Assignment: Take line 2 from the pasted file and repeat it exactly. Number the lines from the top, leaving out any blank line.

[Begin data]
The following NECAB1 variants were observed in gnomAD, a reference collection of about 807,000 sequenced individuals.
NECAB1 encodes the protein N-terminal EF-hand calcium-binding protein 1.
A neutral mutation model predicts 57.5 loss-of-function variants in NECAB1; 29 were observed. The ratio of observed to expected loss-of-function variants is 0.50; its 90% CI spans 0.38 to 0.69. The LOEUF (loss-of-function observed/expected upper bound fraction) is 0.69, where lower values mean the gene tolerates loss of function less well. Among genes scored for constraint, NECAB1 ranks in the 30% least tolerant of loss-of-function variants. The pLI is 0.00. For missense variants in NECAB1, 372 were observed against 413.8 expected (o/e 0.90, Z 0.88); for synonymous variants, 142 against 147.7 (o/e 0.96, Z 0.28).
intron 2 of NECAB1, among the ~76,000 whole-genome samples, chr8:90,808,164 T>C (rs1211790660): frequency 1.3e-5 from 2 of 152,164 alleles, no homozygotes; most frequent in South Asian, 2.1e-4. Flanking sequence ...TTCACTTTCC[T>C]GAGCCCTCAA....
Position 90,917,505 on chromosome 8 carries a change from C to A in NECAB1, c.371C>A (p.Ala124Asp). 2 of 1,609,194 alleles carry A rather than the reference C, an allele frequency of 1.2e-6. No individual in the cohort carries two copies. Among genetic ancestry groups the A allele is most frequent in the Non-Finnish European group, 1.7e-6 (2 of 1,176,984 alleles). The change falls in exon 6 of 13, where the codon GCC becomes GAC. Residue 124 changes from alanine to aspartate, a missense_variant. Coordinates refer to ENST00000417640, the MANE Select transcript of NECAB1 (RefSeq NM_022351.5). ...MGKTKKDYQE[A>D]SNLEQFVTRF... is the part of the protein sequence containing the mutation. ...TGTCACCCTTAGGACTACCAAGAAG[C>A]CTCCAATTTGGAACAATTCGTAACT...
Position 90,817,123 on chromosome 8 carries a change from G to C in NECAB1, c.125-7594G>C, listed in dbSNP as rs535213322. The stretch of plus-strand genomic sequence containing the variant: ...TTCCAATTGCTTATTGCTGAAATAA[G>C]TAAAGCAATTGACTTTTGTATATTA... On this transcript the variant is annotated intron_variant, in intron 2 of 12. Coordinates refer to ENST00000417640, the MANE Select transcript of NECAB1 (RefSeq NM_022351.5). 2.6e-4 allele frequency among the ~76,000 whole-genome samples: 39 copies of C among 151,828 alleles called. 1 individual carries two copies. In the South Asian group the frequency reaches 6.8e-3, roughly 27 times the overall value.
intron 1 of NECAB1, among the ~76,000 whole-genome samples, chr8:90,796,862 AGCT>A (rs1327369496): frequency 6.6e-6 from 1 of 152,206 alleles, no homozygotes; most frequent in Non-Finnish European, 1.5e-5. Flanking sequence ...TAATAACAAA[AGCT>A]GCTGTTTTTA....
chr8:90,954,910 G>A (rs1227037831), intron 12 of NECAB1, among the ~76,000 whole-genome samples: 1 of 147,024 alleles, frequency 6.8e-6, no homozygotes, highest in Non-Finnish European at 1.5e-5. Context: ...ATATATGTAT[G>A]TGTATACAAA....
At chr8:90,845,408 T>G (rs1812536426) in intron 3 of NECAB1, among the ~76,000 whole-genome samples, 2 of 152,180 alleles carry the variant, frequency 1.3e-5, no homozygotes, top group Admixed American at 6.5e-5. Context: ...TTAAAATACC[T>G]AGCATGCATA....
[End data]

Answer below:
NECAB1 encodes the protein N-terminal EF-hand calcium-binding protein 1.